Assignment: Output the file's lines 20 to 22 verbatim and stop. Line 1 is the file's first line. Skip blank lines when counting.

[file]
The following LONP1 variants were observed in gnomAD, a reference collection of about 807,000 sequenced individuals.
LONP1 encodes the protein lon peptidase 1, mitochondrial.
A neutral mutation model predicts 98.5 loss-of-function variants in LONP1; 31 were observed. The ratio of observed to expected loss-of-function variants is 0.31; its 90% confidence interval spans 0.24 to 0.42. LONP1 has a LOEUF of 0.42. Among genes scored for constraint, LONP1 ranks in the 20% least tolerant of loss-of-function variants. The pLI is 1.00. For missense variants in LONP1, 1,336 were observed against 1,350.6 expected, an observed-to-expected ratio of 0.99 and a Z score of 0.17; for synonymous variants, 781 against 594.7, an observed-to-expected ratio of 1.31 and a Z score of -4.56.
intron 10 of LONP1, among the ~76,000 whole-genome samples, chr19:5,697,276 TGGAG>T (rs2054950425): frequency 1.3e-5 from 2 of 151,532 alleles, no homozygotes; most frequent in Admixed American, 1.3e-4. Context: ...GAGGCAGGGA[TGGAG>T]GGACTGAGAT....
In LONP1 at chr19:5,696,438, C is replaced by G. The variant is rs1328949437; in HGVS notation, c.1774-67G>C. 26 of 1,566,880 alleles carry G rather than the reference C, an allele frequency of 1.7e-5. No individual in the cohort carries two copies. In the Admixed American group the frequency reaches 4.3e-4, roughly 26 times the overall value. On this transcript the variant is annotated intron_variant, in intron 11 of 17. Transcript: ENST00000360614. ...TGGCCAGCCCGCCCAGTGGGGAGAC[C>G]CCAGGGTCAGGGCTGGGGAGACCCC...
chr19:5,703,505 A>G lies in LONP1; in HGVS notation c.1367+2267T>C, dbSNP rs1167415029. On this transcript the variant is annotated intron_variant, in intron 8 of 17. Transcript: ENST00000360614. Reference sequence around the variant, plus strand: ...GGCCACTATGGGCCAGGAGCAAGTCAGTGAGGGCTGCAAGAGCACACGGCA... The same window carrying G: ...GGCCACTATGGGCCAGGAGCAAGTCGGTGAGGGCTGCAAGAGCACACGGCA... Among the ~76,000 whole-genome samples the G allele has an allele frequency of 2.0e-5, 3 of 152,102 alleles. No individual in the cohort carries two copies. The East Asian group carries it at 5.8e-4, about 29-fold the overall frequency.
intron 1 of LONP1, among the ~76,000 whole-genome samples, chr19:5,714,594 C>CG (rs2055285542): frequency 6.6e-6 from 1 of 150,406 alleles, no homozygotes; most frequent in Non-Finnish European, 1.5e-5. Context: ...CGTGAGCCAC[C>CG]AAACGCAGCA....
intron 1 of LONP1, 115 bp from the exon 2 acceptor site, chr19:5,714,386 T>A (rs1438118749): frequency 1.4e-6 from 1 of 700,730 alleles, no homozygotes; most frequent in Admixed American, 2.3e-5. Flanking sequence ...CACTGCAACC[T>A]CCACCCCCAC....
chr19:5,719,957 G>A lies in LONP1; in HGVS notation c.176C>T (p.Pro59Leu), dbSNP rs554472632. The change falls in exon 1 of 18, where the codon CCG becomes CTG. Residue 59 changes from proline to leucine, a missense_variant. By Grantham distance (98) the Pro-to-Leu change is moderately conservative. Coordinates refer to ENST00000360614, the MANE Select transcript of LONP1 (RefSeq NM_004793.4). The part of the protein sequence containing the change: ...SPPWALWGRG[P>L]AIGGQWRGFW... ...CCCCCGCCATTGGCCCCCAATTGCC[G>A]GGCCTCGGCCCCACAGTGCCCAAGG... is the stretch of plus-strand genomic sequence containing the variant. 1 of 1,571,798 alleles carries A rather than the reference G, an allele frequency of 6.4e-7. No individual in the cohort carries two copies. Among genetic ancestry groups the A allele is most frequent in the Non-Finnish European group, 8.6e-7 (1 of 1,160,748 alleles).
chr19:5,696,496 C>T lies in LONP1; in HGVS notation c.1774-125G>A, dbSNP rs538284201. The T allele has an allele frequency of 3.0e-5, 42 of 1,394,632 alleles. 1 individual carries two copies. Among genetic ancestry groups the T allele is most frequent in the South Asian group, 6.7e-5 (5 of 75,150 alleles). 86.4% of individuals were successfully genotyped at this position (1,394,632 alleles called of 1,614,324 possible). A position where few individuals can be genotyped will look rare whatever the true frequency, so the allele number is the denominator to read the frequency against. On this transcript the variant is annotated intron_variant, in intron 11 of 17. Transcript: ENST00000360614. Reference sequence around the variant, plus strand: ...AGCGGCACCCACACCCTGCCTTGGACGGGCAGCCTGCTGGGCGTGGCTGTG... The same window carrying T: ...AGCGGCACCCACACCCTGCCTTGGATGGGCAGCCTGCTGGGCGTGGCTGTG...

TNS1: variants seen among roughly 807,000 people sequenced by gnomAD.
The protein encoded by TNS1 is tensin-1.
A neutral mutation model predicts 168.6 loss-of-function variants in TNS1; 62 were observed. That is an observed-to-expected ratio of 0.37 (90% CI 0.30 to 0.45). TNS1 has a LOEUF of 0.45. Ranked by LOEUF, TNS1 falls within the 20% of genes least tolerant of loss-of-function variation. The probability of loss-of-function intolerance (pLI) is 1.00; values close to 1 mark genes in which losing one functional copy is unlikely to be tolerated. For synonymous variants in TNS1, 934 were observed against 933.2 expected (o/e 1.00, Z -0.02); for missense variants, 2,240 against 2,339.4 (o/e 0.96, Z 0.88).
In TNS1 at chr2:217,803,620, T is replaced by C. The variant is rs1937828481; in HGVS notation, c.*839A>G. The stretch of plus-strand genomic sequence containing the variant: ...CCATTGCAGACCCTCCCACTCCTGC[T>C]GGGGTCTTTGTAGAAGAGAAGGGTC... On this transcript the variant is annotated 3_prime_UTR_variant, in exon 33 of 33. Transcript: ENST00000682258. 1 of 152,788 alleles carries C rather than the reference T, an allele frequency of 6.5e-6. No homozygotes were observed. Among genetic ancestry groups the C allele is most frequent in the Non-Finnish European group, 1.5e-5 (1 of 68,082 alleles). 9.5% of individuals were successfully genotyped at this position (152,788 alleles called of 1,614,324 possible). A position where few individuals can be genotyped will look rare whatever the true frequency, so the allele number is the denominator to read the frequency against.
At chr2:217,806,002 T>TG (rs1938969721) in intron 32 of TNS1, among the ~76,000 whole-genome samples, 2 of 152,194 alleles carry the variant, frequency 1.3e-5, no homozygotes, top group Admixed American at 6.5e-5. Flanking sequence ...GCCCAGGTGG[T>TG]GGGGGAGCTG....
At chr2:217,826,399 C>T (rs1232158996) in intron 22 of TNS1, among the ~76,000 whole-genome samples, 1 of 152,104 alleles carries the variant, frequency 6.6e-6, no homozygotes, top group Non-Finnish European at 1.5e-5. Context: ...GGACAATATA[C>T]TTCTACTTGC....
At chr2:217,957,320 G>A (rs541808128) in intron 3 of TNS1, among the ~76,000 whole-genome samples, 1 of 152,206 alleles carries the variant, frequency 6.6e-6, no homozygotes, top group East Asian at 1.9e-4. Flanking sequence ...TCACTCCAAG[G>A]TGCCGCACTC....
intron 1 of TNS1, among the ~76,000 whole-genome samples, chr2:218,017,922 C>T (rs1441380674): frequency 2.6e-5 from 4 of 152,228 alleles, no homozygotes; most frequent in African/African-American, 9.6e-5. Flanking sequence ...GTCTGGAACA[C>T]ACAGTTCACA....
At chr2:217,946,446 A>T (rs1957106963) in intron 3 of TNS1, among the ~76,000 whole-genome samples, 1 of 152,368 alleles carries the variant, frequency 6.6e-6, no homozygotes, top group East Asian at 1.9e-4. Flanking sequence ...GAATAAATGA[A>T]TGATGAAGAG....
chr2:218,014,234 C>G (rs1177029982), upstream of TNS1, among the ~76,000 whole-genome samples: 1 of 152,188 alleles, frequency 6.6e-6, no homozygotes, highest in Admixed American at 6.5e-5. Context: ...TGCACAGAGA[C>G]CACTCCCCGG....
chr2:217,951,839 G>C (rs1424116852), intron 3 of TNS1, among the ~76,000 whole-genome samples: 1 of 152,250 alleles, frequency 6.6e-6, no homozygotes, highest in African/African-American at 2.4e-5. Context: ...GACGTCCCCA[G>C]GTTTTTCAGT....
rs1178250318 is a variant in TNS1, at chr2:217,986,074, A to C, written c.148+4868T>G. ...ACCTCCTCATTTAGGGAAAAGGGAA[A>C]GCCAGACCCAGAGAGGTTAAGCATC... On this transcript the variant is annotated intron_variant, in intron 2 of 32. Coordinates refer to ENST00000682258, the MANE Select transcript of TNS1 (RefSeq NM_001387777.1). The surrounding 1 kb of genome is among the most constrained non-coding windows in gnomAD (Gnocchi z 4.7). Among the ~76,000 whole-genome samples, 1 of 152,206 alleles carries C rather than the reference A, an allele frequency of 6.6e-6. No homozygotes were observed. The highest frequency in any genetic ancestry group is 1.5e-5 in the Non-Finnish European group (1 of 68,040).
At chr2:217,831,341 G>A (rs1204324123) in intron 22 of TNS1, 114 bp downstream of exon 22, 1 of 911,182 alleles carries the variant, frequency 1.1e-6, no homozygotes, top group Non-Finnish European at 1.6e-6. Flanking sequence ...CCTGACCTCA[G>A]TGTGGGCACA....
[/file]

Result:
chr2:218,014,234 C>G (rs1177029982), upstream of TNS1, among the ~76,000 whole-genome samples: 1 of 152,188 alleles, frequency 6.6e-6, no homozygotes, highest in Admixed American at 6.5e-5. Context: ...TGCACAGAGA[C>G]CACTCCCCGG....
chr2:217,951,839 G>C (rs1424116852), intron 3 of TNS1, among the ~76,000 whole-genome samples: 1 of 152,250 alleles, frequency 6.6e-6, no homozygotes, highest in African/African-American at 2.4e-5. Context: ...GACGTCCCCA[G>C]GTTTTTCAGT....
rs1178250318 is a variant in TNS1, at chr2:217,986,074, A to C, written c.148+4868T>G. ...ACCTCCTCATTTAGGGAAAAGGGAA[A>C]GCCAGACCCAGAGAGGTTAAGCATC... On this transcript the variant is annotated intron_variant, in intron 2 of 32. Coordinates refer to ENST00000682258, the MANE Select transcript of TNS1 (RefSeq NM_001387777.1). The surrounding 1 kb of genome is among the most constrained non-coding windows in gnomAD (Gnocchi z 4.7). Among the ~76,000 whole-genome samples, 1 of 152,206 alleles carries C rather than the reference A, an allele frequency of 6.6e-6. No homozygotes were observed. The highest frequency in any genetic ancestry group is 1.5e-5 in the Non-Finnish European group (1 of 68,040).